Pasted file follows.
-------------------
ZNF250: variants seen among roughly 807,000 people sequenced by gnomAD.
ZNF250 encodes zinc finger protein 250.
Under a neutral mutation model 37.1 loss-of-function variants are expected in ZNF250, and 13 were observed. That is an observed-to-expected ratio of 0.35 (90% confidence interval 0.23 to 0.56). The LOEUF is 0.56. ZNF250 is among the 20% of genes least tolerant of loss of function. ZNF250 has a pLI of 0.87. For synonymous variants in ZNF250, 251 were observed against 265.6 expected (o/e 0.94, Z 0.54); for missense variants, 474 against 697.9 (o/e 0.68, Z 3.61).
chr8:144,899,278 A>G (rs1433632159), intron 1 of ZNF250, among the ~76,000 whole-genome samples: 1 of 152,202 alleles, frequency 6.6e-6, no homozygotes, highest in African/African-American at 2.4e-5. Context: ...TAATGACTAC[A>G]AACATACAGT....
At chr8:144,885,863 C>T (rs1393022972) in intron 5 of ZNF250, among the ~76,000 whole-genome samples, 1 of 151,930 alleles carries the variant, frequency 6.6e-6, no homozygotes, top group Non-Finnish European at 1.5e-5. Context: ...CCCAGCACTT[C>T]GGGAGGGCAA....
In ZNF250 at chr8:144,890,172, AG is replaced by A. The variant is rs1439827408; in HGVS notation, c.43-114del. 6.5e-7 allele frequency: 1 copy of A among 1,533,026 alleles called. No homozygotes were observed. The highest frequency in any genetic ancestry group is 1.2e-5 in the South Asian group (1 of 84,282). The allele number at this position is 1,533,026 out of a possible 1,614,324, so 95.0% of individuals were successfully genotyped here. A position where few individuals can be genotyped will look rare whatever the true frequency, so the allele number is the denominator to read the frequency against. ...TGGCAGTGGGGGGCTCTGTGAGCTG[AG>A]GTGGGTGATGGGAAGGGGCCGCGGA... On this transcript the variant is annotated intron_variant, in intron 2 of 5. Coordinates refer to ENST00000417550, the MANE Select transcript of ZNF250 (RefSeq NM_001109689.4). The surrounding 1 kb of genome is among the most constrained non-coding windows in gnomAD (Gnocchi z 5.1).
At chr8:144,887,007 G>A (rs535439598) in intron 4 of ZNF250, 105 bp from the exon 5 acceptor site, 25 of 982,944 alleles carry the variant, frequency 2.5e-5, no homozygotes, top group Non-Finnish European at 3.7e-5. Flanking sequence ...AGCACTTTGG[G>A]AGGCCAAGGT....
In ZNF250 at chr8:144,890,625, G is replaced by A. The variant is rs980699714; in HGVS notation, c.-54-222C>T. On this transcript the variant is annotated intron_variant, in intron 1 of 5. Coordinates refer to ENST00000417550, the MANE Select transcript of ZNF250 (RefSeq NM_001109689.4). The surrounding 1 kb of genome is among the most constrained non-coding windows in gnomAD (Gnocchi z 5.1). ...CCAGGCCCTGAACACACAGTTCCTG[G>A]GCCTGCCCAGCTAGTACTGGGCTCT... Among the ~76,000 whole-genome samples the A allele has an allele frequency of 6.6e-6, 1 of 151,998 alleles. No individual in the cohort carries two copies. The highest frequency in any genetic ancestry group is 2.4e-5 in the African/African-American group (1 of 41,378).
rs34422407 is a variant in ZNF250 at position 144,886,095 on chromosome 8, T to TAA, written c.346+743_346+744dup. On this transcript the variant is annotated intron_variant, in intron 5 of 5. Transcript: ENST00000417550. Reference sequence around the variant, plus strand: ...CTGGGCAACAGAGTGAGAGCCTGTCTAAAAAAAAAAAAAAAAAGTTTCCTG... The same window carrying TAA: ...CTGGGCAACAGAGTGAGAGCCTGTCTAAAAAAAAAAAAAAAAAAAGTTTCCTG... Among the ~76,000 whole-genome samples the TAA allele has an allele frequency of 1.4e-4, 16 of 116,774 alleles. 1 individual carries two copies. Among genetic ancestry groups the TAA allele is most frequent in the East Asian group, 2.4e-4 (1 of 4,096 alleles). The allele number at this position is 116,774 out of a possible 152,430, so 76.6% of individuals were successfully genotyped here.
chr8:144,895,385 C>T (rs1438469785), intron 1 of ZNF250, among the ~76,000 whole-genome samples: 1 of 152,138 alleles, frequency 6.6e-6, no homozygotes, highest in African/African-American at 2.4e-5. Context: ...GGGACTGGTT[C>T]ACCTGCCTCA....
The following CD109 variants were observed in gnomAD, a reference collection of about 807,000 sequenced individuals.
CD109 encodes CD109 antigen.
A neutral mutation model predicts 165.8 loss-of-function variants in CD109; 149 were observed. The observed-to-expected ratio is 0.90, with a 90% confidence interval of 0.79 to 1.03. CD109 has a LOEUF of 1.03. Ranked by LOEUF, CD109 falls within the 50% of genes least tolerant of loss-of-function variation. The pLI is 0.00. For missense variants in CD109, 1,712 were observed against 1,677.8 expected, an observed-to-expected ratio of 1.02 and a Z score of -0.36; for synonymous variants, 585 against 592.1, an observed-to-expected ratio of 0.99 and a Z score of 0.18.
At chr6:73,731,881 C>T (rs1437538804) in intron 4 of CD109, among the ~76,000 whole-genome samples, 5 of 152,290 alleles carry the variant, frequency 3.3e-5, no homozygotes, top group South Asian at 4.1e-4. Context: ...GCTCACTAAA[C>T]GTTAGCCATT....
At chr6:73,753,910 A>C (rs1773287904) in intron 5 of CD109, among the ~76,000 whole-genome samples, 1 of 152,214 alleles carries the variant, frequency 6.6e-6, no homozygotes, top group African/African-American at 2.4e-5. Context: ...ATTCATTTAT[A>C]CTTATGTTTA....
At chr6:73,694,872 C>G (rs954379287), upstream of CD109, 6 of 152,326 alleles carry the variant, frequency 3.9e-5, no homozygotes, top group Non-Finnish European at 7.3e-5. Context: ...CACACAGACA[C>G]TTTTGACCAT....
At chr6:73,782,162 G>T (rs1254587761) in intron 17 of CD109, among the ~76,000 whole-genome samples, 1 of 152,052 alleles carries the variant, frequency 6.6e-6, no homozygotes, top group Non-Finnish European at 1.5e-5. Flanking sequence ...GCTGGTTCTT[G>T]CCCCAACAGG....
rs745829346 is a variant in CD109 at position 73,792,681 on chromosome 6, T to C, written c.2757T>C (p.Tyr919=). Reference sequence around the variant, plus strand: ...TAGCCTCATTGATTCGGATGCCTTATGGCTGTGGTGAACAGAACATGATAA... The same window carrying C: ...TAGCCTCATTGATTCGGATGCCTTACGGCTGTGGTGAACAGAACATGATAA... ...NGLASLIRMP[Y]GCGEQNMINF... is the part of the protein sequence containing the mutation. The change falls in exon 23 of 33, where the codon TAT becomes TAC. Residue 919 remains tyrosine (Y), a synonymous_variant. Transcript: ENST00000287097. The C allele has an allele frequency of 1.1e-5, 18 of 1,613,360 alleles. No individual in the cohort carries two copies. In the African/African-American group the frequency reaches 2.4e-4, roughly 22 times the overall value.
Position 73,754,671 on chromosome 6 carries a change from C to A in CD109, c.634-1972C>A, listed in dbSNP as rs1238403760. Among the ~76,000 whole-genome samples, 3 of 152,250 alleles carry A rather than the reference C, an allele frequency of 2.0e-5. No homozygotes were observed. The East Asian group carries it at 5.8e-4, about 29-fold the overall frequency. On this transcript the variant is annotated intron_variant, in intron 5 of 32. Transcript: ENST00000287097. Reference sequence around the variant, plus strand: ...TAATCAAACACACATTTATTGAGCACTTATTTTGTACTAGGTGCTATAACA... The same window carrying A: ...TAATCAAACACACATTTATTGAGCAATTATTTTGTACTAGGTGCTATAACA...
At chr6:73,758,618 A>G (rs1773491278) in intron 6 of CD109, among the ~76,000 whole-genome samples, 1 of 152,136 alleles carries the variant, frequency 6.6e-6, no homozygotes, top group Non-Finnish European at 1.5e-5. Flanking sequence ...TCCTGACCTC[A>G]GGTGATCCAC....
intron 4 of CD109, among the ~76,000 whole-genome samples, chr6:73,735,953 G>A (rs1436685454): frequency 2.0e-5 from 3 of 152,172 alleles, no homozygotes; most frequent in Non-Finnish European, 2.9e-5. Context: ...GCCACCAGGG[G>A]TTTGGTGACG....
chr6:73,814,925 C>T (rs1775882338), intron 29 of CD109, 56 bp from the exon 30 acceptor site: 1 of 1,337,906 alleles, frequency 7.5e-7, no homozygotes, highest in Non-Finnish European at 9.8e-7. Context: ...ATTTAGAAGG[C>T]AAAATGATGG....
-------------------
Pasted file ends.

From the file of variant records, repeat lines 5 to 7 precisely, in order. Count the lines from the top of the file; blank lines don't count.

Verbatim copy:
At chr8:144,885,863 C>T (rs1393022972) in intron 5 of ZNF250, among the ~76,000 whole-genome samples, 1 of 151,930 alleles carries the variant, frequency 6.6e-6, no homozygotes, top group Non-Finnish European at 1.5e-5. Context: ...CCCAGCACTT[C>T]GGGAGGGCAA....
In ZNF250 at chr8:144,890,172, AG is replaced by A. The variant is rs1439827408; in HGVS notation, c.43-114del. 6.5e-7 allele frequency: 1 copy of A among 1,533,026 alleles called. No homozygotes were observed. The highest frequency in any genetic ancestry group is 1.2e-5 in the South Asian group (1 of 84,282). The allele number at this position is 1,533,026 out of a possible 1,614,324, so 95.0% of individuals were successfully genotyped here. A position where few individuals can be genotyped will look rare whatever the true frequency, so the allele number is the denominator to read the frequency against. ...TGGCAGTGGGGGGCTCTGTGAGCTG[AG>A]GTGGGTGATGGGAAGGGGCCGCGGA... On this transcript the variant is annotated intron_variant, in intron 2 of 5. Coordinates refer to ENST00000417550, the MANE Select transcript of ZNF250 (RefSeq NM_001109689.4). The surrounding 1 kb of genome is among the most constrained non-coding windows in gnomAD (Gnocchi z 5.1).
At chr8:144,887,007 G>A (rs535439598) in intron 4 of ZNF250, 105 bp from the exon 5 acceptor site, 25 of 982,944 alleles carry the variant, frequency 2.5e-5, no homozygotes, top group Non-Finnish European at 3.7e-5. Flanking sequence ...AGCACTTTGG[G>A]AGGCCAAGGT....